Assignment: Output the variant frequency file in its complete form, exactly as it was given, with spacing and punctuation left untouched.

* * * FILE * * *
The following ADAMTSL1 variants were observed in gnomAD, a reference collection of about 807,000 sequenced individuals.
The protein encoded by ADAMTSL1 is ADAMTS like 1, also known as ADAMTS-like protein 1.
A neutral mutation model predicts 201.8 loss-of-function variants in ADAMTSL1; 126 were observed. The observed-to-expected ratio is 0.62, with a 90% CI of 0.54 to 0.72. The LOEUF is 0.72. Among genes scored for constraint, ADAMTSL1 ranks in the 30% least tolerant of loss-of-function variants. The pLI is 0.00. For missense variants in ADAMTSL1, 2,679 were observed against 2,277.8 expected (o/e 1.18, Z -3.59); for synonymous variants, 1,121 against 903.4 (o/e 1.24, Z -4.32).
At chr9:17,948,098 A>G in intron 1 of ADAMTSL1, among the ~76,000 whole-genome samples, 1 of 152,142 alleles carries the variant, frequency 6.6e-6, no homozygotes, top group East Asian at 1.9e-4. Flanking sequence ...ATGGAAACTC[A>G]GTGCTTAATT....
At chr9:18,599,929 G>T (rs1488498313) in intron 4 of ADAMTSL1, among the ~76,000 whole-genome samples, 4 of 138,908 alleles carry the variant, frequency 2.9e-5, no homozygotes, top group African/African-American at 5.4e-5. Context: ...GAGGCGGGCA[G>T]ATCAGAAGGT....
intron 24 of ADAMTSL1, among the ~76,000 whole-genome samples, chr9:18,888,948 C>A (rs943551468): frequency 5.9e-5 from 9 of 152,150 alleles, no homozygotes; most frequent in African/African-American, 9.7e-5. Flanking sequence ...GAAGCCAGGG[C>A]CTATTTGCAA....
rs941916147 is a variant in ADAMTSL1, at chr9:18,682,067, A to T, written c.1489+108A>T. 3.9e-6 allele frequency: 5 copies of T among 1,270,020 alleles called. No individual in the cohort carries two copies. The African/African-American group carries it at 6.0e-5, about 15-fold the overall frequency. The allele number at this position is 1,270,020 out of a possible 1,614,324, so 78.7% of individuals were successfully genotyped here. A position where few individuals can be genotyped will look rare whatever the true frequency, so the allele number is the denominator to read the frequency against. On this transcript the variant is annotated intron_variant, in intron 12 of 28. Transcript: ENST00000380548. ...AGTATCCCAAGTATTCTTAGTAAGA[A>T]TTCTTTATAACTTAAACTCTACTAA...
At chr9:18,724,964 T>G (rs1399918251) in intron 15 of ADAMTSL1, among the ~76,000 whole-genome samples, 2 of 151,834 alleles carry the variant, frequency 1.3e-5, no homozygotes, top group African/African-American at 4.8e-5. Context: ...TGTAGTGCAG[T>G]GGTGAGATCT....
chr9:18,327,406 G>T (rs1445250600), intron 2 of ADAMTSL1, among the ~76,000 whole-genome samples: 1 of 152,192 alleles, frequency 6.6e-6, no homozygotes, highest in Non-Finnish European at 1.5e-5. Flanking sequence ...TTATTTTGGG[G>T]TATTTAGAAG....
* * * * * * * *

The following ADAMTSL1 variants were observed in gnomAD, a reference collection of about 807,000 sequenced individuals.
The protein encoded by ADAMTSL1 is ADAMTS like 1, also known as ADAMTS-like protein 1.
A neutral mutation model predicts 201.8 loss-of-function variants in ADAMTSL1; 126 were observed. The observed-to-expected ratio is 0.62, with a 90% CI of 0.54 to 0.72. The LOEUF is 0.72. Among genes scored for constraint, ADAMTSL1 ranks in the 30% least tolerant of loss-of-function variants. The pLI is 0.00. For missense variants in ADAMTSL1, 2,679 were observed against 2,277.8 expected (o/e 1.18, Z -3.59); for synonymous variants, 1,121 against 903.4 (o/e 1.24, Z -4.32).
At chr9:17,948,098 A>G in intron 1 of ADAMTSL1, among the ~76,000 whole-genome samples, 1 of 152,142 alleles carries the variant, frequency 6.6e-6, no homozygotes, top group East Asian at 1.9e-4. Flanking sequence ...ATGGAAACTC[A>G]GTGCTTAATT....
At chr9:18,599,929 G>T (rs1488498313) in intron 4 of ADAMTSL1, among the ~76,000 whole-genome samples, 4 of 138,908 alleles carry the variant, frequency 2.9e-5, no homozygotes, top group African/African-American at 5.4e-5. Context: ...GAGGCGGGCA[G>T]ATCAGAAGGT....
intron 24 of ADAMTSL1, among the ~76,000 whole-genome samples, chr9:18,888,948 C>A (rs943551468): frequency 5.9e-5 from 9 of 152,150 alleles, no homozygotes; most frequent in African/African-American, 9.7e-5. Flanking sequence ...GAAGCCAGGG[C>A]CTATTTGCAA....
rs941916147 is a variant in ADAMTSL1, at chr9:18,682,067, A to T, written c.1489+108A>T. 3.9e-6 allele frequency: 5 copies of T among 1,270,020 alleles called. No individual in the cohort carries two copies. The African/African-American group carries it at 6.0e-5, about 15-fold the overall frequency. The allele number at this position is 1,270,020 out of a possible 1,614,324, so 78.7% of individuals were successfully genotyped here. A position where few individuals can be genotyped will look rare whatever the true frequency, so the allele number is the denominator to read the frequency against. On this transcript the variant is annotated intron_variant, in intron 12 of 28. Transcript: ENST00000380548. ...AGTATCCCAAGTATTCTTAGTAAGA[A>T]TTCTTTATAACTTAAACTCTACTAA...
At chr9:18,724,964 T>G (rs1399918251) in intron 15 of ADAMTSL1, among the ~76,000 whole-genome samples, 2 of 151,834 alleles carry the variant, frequency 1.3e-5, no homozygotes, top group African/African-American at 4.8e-5. Context: ...TGTAGTGCAG[T>G]GGTGAGATCT....
chr9:18,327,406 G>T (rs1445250600), intron 2 of ADAMTSL1, among the ~76,000 whole-genome samples: 1 of 152,192 alleles, frequency 6.6e-6, no homozygotes, highest in Non-Finnish European at 1.5e-5. Flanking sequence ...TTATTTTGGG[G>T]TATTTAGAAG....